An area the size of South Korea has been destroyed by the bushfires devastating parts of Australia, new official data shows.
More than 10.3 million hectares of land has been razed by the flames so far this summer, turning the skies a hellish orange across the Tasman Sea in New Zealand and sending thick black smoke as far as South America.
In Australia, thousands of people have been left homeless, some have spent days without electricity, telecommunications and drinking water, and at least 24 have died.
Fire turns pilot’s sky orange
The bushfires have been most keenly felt in New South Wales, the most populous state in the country, where 130 fires are still burning.
Almost 1,600 homes have been destroyed there, and hundreds more in neighbouring Victoria to the south.
Image: Gutted homes in Mogo Village, New South Wales
Chris Dickman, a biodiversity expert at the University of Sydney, estimates that almost half a billion animals have perished in the bushfires, which are among the worst the country has ever seen.
The flames have been exacerbated by a three-year drought and the impact of climate change, although the Australian prime minister has refuted that link.
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Image: Half a billion animals are estimated to have died in the bushfires
Image: Animals seen in Cobargo, New South Wales
Scott Morrison said last month that it was “not credible” to say climate change had made a difference and has since been criticised for his response to the fires, notably from residents of a ravaged town he visited.
He has now pledged A$2bn (£1.05bn) to a newly-created National Bushfire Recovery Agency, and acknowledged that the ongoing crisis would have a significant impact on the Australian economy.
He also attended the funeral of volunteer firefighter Andrew O’Dwyer, who died on 19 December after a burnt tree collapsed into the path of the fire engine he was travelling in.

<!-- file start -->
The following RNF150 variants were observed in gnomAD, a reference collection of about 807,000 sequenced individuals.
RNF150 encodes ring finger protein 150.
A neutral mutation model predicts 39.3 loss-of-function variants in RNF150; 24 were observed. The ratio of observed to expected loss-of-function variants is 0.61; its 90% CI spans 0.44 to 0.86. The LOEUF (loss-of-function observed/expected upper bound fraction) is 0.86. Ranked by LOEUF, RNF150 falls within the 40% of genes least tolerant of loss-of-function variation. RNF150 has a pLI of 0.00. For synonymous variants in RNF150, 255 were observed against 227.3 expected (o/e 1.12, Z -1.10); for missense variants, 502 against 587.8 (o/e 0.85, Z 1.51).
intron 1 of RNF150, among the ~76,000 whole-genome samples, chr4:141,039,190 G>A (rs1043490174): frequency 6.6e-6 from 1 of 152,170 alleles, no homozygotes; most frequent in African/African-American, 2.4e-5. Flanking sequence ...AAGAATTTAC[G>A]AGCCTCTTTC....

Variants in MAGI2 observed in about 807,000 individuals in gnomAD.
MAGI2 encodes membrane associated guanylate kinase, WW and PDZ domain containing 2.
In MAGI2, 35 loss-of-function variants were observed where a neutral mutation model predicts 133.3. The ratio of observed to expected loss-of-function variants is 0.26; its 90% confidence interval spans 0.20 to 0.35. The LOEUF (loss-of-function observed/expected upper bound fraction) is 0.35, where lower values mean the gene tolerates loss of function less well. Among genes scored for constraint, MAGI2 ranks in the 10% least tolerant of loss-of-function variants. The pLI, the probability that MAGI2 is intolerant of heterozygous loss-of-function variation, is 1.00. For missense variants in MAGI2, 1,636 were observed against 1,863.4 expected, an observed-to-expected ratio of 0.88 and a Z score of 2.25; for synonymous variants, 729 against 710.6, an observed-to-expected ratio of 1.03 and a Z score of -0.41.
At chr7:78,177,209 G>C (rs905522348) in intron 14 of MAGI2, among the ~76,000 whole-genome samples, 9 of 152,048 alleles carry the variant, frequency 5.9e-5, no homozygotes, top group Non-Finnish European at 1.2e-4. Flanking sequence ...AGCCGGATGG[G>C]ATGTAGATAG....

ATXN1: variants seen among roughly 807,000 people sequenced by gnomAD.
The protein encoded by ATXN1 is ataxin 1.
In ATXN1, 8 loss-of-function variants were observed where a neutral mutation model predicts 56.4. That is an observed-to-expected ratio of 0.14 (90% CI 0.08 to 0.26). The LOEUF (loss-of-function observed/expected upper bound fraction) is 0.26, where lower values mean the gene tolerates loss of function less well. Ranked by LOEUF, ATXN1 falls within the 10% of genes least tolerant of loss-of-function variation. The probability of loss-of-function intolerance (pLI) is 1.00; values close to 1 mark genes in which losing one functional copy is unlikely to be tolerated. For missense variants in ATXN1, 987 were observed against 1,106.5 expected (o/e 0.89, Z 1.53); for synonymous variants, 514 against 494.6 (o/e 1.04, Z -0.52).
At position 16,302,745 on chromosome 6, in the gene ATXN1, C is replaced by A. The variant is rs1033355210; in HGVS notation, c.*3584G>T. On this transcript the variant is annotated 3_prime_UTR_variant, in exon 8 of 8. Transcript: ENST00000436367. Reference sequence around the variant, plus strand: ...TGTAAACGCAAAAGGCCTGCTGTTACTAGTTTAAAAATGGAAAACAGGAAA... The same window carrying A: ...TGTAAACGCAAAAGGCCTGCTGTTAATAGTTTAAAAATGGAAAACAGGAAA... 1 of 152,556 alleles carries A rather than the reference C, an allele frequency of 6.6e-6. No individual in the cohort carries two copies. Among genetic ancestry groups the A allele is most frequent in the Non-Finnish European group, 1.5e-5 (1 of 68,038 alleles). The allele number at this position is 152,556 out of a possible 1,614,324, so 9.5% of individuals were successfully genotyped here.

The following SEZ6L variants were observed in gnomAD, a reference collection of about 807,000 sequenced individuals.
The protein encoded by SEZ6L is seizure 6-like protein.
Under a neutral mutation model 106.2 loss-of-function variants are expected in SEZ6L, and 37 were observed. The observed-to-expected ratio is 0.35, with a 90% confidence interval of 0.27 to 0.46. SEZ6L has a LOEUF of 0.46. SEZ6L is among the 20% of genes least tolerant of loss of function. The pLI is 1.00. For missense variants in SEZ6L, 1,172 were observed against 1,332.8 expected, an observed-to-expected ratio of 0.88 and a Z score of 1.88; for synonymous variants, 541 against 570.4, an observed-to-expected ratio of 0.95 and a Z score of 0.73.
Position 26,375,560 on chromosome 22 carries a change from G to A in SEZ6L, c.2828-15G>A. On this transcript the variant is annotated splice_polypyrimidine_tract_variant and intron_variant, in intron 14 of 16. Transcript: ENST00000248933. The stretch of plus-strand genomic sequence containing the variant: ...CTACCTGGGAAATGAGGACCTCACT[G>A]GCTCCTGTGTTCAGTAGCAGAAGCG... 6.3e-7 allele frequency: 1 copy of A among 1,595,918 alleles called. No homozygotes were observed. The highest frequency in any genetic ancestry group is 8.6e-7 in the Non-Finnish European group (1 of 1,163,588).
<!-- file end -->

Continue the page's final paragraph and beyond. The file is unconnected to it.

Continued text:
His colleague Geoffrey Keaton also died.
Image: Charlotte O’Dwyer, daughter of firefighter Andrew O’Dwyer, wears her father’s helmet at his funeral
Morrison said British counterpart Boris Johnson and US President Donald Trump had both offered support, with 48 firefighters scheduled to arrive in Australia from America on Wednesday.
There are already 39 US firefighters on the ground to assist, and a further 18 incident management personnel should arrive from the US and Canada on Wednesday.
Bushfire devastates Kangaroo Island
The Insurance Council of Australia has increased its estimate for damage claims to more than A$700m (£367.8m),with claims expected to jump when more fire-hit areas become accessible.
Cooler weather conditions have brought some relief this week, although some accompanying rain has not been heavy enough to extinguish the blazes.
Victoria state emergency services minister Lisa Neville said on Monday at least eight inches of rain would need to fall over a short period of time to snuff out the fires – around 20 times what has fallen in the region in the past day.
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Officials have also warned that the wildfire season is nowhere near its end.
It normally lasts through to March.
Source : Sky News